The financing of these companies has also been campaigned on for decades, with a little more mass media interest. The campaign has been boosted by the US oil leak, but the campaign was running long before that oil leak. Climate Camp were discussing campaigning about the Oil Bank of Scotland long before the US oil spill and they will bring their unique brand of campaigning to the Scots soon

  • Comment number 6.

    And I see that the London Olympics have got into bed with BP so I imagine that there will be a lot of campaigning about that.

    The contempt with which the olympic torch was treated in London, on its way to the repressive regime in China, and the protests in China provide a foretaste of what will happen in London unless big business and its vassal government start to behave responsibly.

  • Comment number 7.

    I've attempted to answer your question on my CultureGrrl blog today:

  • Comment number 8.

    I have been following this story with interest since it broke but I understand that this art protest campaign has been going on for some years by various groups of artists that make their living from art, such as Art Not Oil, Platform and more recently Liberate Tate who were responsible for the action at Tate Modern 10th birthday celebrations and were also involved in yesterdays joint action with the group mentioned, the good crude britannia. Solidarity colombia are also linked to a human rights campaign directed at BP. Wow it would be easy to get confused with all those names and any wonder that the BBC and others have got it all mixed up.

    One of the things that stand out for me in the venomous comments on this and other pages directed at the artists that signed the letter is that many people are missing the point. In Britain we are in the privileged position of being able to protest when we feel outraged or wish to open a debate that is closed without being in fear of our lives from armed police or the military, such as we have seen happen recently in Thai Land. And I don't think Tate would disagree as it often shows more than a little interest in artists that are also activists.

    The oil business is a very difficult and dirty business and this is exactly why it works so hard to give sponsorship to British cultural institutions such as Tate. Surely we are not blind enough to miss this? It is a manipulation of the arts and it allows the company to continue to do business in a highly volatile political climate. And if dangerous climate change is not a good enough reason for you to disapprove of BP as a viable sponsor then surely the allegations of human rights abuses around the world or the recent oil spill is.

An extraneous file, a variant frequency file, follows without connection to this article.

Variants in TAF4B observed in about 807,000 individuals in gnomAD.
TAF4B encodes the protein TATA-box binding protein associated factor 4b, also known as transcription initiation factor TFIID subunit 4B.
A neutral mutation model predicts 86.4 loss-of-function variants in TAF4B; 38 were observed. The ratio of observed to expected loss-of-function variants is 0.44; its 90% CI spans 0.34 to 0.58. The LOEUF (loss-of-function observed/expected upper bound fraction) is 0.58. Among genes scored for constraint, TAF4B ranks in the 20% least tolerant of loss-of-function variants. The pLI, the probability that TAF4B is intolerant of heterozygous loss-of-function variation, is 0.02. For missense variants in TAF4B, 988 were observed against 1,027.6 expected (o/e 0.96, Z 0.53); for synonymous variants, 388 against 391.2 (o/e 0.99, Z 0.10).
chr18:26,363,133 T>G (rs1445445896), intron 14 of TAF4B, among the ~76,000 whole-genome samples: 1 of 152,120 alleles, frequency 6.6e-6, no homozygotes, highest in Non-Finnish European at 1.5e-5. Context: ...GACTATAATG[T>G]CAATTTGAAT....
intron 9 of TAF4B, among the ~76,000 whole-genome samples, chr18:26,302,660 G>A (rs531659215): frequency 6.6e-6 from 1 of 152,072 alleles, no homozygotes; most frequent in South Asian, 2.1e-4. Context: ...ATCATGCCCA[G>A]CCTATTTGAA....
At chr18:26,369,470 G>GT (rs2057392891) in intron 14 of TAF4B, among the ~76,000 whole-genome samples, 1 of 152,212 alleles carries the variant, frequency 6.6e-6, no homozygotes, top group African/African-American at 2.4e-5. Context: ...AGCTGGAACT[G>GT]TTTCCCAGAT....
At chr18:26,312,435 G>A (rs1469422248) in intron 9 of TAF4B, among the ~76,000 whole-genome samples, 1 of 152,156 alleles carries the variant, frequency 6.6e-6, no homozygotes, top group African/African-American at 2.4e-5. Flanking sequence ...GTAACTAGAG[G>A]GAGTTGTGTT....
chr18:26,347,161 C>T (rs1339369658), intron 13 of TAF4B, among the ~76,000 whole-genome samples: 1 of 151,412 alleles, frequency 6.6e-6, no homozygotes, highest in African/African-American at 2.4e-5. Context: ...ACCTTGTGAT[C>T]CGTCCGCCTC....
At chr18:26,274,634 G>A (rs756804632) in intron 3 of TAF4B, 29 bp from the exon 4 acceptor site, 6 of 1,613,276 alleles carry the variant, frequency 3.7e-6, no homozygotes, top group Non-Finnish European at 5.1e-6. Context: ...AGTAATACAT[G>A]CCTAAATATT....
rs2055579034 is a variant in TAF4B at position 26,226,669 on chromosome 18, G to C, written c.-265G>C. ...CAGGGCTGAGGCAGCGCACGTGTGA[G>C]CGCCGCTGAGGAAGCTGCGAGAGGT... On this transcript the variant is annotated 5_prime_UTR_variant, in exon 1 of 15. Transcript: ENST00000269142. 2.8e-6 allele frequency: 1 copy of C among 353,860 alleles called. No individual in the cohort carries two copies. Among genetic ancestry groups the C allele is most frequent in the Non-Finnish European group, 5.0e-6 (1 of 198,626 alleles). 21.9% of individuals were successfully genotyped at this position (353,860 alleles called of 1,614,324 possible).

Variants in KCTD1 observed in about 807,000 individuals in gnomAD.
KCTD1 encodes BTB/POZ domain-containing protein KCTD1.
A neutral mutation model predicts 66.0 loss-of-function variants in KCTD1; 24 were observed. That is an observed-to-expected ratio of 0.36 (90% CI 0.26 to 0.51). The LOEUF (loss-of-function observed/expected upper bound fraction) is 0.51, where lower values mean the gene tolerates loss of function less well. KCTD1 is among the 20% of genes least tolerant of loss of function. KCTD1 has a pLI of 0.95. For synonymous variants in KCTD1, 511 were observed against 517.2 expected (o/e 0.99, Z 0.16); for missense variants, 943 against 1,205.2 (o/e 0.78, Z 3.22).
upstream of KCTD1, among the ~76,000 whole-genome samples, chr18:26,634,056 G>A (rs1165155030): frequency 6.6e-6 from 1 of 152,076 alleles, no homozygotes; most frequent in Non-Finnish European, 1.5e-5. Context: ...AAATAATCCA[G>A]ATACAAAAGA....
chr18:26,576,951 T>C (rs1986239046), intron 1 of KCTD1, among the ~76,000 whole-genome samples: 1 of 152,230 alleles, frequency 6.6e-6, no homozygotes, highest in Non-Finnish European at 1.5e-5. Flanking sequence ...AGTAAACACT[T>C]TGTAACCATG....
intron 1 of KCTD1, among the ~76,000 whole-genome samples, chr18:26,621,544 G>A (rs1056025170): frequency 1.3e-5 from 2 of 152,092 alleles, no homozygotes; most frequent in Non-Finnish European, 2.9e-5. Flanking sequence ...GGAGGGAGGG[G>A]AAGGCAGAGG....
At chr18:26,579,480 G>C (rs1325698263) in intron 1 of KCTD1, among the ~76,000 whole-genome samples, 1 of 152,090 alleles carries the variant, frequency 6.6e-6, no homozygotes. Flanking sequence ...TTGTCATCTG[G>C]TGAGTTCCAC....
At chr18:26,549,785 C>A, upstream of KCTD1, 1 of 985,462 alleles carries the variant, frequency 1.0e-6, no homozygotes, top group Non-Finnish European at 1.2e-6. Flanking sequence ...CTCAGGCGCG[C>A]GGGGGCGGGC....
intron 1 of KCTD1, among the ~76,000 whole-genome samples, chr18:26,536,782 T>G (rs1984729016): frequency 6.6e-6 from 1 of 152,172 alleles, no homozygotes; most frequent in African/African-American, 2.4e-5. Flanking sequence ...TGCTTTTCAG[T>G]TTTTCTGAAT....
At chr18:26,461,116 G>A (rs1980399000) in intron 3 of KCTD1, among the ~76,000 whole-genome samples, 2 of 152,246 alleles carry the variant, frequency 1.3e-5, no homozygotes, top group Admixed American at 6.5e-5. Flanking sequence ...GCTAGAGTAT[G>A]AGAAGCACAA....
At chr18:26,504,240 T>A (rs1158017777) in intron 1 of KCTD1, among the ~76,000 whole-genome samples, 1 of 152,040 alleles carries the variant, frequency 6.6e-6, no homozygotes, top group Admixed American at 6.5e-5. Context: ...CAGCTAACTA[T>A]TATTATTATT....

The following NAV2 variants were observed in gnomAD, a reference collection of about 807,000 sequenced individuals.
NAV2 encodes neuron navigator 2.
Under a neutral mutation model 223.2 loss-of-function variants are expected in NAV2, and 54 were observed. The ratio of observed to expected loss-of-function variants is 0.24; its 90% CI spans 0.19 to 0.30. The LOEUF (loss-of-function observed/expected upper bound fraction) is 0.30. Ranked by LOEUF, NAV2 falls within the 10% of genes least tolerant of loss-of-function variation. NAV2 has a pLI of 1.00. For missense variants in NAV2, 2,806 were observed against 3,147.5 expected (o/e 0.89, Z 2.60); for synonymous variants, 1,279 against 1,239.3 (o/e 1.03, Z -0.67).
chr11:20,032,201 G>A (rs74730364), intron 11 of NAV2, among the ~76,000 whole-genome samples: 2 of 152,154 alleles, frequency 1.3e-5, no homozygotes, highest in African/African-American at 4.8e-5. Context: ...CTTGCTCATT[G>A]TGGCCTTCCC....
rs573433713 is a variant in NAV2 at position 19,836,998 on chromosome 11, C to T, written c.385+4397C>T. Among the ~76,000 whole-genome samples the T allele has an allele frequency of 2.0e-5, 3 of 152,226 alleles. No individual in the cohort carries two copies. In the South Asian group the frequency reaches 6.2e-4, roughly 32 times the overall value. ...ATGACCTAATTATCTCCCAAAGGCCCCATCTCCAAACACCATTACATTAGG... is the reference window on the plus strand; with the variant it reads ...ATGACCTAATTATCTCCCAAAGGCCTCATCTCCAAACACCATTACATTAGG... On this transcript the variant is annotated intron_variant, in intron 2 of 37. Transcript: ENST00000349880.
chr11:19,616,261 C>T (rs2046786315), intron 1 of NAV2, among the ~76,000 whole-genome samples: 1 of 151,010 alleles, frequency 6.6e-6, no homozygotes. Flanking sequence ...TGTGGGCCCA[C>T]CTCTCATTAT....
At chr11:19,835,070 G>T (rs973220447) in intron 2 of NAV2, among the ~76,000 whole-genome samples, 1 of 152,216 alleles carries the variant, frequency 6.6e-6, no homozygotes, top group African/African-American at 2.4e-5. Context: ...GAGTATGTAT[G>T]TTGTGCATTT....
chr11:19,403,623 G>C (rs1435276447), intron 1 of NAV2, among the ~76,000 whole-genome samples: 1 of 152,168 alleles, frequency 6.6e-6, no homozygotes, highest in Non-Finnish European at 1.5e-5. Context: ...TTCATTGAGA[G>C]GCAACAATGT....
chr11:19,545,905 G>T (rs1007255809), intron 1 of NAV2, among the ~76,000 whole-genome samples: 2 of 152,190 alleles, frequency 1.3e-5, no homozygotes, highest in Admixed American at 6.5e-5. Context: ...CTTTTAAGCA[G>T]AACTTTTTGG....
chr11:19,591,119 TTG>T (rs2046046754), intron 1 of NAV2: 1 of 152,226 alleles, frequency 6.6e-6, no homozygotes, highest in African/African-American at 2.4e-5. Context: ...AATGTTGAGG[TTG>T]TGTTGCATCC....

Re the "we need BP' comment, I would recommend Professor Goodstein's Book 'Out of Gas: The end of the Age of Oil' and maybe you would change that comment to "We need artists but we don't need BP"

  • Comment number 9.

    As we enter this so called new age of philanthropy, this sort of thing is going to happen again and again. What are the arts to do? take the cash and survive or alienate their core audiences and die?

  • Comment number 10.

    I'm told to do a ''little research'' to get my facts right. A fair point, I think. You shouldn't take what you read here, or anywhere, on trust.

    I read a copy of the open letter to The Guardian signed by 170+ signatories referred to in the article above and to which my criticism was aimed.

    I might be mistaken but I see no indication that this letter came from the chronic protest group ''Platform''. In fact, I could only find a lone signatory, Jane Powell, who admits membership of this group and she doesn't sign herself as being a creative artist.

    Should I do more research?

  • Comment number 11.

    Do we expect art institutions to shut up and take the money no matter where it comes from? Are we that desperate? To my mind the only thing that will kill the art if indeed art can die, is exactly that: shutting up and selling out whilst knowing that what is making you rich and successful is causing environmental devastation, climate change and someone else where in the world great suffering. It can't be easy to come out publicly and burn ones bridges, I think we need to support our British artists.

    How long do we think it will be before the financial markets turn their backs on oil? Tate won't hesitate to follow suit when that times comes. Why do you think oil companies are drilling in more and more hazardous places like deep water or going into the Tar sands of Canada? Because oil is getting harder harder to find, after this accident in the gulf of mexico drilling like this will be uninsurable.

    And finally if you are not impressed by the 170 + signatories then please remember it was just 15 people meeting in a public house in London that started the anti slave trade movement. Brave people like that fought for everything we take for granted with their own lives.


  • Comment number 12.

    This comment was removed because the moderators found it broke the house rules. Explain.


BBC © 2014 The BBC is not responsible for the content of external sites. Read more.

This page is best viewed in an up-to-date web browser with style sheets (CSS) enabled. While you will be able to view the content of this page in your current browser, you will not be able to get the full visual experience. Please consider upgrading your browser software or enabling style sheets (CSS) if you are able to do so.